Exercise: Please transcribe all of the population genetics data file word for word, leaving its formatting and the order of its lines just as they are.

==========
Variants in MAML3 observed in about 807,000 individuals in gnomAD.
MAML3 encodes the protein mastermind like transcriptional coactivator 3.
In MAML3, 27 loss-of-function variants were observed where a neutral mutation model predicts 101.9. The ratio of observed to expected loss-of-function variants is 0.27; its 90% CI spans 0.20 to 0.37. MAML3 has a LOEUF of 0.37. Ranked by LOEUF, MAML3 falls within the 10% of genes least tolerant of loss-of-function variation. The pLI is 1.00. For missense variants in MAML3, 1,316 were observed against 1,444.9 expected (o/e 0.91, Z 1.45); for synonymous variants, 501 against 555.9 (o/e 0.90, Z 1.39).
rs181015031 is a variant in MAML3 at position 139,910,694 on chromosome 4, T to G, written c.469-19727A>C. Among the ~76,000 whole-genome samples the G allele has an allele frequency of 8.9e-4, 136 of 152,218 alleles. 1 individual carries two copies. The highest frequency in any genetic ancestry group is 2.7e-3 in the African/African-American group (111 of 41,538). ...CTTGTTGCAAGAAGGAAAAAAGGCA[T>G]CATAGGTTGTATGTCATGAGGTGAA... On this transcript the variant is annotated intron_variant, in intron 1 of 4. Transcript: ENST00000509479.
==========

Variants in MAML3 observed in about 807,000 individuals in gnomAD.
MAML3 encodes the protein mastermind like transcriptional coactivator 3.
In MAML3, 27 loss-of-function variants were observed where a neutral mutation model predicts 101.9. The ratio of observed to expected loss-of-function variants is 0.27; its 90% CI spans 0.20 to 0.37. MAML3 has a LOEUF of 0.37. Ranked by LOEUF, MAML3 falls within the 10% of genes least tolerant of loss-of-function variation. The pLI is 1.00. For missense variants in MAML3, 1,316 were observed against 1,444.9 expected (o/e 0.91, Z 1.45); for synonymous variants, 501 against 555.9 (o/e 0.90, Z 1.39).
rs181015031 is a variant in MAML3 at position 139,910,694 on chromosome 4, T to G, written c.469-19727A>C. Among the ~76,000 whole-genome samples the G allele has an allele frequency of 8.9e-4, 136 of 152,218 alleles. 1 individual carries two copies. The highest frequency in any genetic ancestry group is 2.7e-3 in the African/African-American group (111 of 41,538). ...CTTGTTGCAAGAAGGAAAAAAGGCA[T>G]CATAGGTTGTATGTCATGAGGTGAA... On this transcript the variant is annotated intron_variant, in intron 1 of 4. Transcript: ENST00000509479.